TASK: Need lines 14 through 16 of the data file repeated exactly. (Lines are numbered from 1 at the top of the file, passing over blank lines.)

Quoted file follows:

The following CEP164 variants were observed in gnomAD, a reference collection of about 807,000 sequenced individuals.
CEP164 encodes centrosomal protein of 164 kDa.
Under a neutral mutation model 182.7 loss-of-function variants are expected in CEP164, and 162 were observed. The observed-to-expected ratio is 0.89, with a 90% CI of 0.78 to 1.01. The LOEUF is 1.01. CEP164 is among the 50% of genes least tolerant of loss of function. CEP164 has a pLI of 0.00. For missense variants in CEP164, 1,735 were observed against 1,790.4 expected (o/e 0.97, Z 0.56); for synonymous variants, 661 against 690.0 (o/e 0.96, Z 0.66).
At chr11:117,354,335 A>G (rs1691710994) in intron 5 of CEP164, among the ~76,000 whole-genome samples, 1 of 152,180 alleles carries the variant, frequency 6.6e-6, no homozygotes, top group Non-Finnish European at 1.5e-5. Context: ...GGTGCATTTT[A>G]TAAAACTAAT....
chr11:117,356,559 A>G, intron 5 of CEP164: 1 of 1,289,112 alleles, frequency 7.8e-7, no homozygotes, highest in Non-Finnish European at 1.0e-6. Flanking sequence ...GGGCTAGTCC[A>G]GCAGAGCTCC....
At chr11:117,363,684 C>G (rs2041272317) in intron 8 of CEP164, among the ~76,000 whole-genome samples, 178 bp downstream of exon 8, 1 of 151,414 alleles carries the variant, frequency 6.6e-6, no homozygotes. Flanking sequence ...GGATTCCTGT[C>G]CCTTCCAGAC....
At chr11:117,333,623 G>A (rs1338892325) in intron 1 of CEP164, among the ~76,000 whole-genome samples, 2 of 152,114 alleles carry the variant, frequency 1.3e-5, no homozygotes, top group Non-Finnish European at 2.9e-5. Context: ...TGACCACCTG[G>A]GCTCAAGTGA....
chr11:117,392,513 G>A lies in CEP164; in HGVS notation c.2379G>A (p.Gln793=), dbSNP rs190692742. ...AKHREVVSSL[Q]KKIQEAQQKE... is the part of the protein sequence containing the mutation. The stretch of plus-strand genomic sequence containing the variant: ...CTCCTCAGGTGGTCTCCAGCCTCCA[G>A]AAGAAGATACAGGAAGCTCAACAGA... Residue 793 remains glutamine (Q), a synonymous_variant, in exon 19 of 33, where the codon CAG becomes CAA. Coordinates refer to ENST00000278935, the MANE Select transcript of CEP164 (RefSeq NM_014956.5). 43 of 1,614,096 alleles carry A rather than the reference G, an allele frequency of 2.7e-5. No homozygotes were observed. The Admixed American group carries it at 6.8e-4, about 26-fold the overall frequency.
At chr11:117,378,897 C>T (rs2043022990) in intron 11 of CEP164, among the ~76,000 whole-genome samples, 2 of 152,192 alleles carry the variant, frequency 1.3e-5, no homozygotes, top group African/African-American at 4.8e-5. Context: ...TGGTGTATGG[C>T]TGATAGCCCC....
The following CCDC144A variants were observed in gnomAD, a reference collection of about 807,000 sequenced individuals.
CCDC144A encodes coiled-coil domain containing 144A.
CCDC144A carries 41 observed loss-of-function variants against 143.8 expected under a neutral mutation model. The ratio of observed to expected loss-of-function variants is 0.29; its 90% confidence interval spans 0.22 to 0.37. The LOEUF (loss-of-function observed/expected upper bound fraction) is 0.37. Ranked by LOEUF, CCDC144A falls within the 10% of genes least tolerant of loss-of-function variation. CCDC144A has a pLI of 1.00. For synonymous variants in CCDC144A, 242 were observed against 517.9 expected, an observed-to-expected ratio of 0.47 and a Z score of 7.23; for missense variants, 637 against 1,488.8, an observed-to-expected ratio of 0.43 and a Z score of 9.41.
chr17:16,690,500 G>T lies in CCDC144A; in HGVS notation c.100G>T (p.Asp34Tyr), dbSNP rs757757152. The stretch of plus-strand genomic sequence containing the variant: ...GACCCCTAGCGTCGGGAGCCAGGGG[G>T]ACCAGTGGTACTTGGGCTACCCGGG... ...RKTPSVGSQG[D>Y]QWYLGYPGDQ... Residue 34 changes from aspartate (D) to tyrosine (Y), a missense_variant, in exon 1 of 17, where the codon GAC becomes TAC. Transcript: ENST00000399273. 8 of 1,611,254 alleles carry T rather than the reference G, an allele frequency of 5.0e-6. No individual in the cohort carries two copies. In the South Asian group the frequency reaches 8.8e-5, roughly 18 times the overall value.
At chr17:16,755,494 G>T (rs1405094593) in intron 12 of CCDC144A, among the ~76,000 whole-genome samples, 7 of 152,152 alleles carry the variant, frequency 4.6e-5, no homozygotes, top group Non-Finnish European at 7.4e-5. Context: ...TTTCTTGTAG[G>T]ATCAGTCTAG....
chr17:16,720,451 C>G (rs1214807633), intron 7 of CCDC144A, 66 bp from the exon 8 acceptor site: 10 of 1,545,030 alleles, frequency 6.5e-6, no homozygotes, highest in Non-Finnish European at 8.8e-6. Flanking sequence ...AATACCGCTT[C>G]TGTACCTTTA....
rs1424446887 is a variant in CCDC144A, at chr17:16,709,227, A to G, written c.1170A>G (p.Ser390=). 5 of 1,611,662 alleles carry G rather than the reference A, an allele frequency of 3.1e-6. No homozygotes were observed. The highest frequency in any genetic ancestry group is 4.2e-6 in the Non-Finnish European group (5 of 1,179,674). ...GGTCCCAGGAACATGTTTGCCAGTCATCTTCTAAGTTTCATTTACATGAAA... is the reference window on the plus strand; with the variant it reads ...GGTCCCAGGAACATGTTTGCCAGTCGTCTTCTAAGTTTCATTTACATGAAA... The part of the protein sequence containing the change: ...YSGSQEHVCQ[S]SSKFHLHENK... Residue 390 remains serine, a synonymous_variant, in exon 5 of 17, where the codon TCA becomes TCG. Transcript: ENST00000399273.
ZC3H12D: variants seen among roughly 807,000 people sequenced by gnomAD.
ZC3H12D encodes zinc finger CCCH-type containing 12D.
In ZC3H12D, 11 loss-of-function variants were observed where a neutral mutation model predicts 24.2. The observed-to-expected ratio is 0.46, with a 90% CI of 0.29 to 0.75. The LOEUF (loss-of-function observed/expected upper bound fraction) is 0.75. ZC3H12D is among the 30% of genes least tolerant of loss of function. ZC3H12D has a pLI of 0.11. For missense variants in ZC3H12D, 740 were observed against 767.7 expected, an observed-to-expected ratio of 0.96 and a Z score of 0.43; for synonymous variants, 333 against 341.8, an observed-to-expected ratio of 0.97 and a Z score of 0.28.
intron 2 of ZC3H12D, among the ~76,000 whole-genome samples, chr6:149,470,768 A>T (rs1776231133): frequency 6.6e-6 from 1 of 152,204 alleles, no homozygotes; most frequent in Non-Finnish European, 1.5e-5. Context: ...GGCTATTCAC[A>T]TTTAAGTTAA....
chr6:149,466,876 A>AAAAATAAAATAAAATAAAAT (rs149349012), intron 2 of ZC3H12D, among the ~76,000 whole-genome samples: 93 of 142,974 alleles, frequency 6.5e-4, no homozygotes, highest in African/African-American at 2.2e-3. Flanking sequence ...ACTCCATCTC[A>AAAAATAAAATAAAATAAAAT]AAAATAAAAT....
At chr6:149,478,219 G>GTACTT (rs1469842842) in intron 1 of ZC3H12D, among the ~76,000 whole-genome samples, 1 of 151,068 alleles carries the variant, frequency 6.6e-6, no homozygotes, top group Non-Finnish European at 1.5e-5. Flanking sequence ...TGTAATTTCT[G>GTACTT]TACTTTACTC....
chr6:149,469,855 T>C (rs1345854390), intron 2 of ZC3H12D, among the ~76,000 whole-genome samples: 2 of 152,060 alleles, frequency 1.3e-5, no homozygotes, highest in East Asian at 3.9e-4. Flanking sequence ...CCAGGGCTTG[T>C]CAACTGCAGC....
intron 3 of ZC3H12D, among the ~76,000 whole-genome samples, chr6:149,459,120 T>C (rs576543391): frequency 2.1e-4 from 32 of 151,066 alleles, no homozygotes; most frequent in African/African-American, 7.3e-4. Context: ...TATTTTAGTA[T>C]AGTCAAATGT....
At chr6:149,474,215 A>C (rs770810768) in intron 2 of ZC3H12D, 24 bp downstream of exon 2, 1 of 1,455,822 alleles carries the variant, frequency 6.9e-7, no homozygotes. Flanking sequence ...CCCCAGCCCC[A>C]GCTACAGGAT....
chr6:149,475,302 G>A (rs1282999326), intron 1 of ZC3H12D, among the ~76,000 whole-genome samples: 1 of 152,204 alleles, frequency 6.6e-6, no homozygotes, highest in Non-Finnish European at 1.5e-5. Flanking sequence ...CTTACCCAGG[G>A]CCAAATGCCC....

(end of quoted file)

At chr17:16,755,494 G>T (rs1405094593) in intron 12 of CCDC144A, among the ~76,000 whole-genome samples, 7 of 152,152 alleles carry the variant, frequency 4.6e-5, no homozygotes, top group Non-Finnish European at 7.4e-5. Context: ...TTTCTTGTAG[G>T]ATCAGTCTAG....
chr17:16,720,451 C>G (rs1214807633), intron 7 of CCDC144A, 66 bp from the exon 8 acceptor site: 10 of 1,545,030 alleles, frequency 6.5e-6, no homozygotes, highest in Non-Finnish European at 8.8e-6. Flanking sequence ...AATACCGCTT[C>G]TGTACCTTTA....
rs1424446887 is a variant in CCDC144A, at chr17:16,709,227, A to G, written c.1170A>G (p.Ser390=). 5 of 1,611,662 alleles carry G rather than the reference A, an allele frequency of 3.1e-6. No homozygotes were observed. The highest frequency in any genetic ancestry group is 4.2e-6 in the Non-Finnish European group (5 of 1,179,674). ...GGTCCCAGGAACATGTTTGCCAGTCATCTTCTAAGTTTCATTTACATGAAA... is the reference window on the plus strand; with the variant it reads ...GGTCCCAGGAACATGTTTGCCAGTCGTCTTCTAAGTTTCATTTACATGAAA... The part of the protein sequence containing the change: ...YSGSQEHVCQ[S]SSKFHLHENK... Residue 390 remains serine, a synonymous_variant, in exon 5 of 17, where the codon TCA becomes TCG. Transcript: ENST00000399273.